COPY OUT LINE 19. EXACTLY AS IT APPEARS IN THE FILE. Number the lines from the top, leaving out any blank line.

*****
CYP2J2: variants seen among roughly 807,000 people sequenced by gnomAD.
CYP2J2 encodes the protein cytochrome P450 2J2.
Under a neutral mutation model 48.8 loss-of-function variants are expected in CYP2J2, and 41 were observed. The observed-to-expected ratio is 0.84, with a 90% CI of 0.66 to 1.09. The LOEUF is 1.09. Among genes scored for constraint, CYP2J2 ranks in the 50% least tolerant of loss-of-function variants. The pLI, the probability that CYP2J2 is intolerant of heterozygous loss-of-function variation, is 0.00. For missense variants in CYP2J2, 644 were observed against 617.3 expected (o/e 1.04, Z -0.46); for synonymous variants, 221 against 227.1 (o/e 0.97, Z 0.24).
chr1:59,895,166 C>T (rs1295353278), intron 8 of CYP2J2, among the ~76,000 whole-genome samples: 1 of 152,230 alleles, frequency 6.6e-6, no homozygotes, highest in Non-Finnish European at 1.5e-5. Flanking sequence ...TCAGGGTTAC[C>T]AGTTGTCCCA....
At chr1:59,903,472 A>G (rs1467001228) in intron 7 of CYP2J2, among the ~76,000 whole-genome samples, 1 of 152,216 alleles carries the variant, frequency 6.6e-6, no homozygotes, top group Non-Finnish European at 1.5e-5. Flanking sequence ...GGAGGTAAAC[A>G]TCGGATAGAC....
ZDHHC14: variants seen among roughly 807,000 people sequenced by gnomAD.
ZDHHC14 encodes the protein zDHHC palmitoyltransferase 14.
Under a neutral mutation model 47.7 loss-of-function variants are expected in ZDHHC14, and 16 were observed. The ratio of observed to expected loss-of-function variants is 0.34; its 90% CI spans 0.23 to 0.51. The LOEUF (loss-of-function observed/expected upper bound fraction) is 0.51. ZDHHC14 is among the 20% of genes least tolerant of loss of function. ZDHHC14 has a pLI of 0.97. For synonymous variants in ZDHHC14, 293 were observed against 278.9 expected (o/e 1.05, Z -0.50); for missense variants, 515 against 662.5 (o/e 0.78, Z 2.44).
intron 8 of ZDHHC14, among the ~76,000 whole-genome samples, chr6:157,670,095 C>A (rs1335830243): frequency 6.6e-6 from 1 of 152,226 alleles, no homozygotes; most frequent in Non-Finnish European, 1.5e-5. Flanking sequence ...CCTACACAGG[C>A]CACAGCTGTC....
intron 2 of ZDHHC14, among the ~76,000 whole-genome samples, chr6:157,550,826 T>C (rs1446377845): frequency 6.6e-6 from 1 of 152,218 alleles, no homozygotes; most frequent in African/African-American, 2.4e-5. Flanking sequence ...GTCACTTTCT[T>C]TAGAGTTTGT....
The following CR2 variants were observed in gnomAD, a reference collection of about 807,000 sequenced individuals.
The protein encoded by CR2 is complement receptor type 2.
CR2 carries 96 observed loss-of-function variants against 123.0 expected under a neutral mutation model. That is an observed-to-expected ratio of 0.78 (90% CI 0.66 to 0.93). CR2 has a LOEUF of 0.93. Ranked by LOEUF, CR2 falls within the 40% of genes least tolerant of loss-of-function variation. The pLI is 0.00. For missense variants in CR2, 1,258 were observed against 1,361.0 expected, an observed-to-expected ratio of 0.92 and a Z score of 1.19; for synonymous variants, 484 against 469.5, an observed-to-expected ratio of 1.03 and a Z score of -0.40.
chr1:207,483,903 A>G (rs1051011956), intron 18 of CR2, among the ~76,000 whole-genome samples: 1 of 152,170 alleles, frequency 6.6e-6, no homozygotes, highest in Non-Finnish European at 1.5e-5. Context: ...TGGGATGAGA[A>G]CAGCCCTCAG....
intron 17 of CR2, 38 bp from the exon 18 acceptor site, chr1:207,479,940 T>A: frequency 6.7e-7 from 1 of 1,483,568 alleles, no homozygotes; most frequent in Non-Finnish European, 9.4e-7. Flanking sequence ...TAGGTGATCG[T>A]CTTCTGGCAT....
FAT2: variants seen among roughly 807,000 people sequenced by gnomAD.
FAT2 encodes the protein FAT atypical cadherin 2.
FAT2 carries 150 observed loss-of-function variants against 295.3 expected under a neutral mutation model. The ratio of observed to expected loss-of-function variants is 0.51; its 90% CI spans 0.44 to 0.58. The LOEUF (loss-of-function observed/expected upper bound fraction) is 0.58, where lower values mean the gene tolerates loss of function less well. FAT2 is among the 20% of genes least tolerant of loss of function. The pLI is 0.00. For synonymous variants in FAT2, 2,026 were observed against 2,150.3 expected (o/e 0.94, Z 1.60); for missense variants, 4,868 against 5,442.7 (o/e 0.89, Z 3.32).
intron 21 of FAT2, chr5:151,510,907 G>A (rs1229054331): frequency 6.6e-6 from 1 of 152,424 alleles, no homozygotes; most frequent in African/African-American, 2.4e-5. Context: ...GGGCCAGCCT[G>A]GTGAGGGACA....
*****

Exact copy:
intron 21 of FAT2, chr5:151,510,907 G>A (rs1229054331): frequency 6.6e-6 from 1 of 152,424 alleles, no homozygotes; most frequent in African/African-American, 2.4e-5. Context: ...GGGCCAGCCT[G>A]GTGAGGGACA....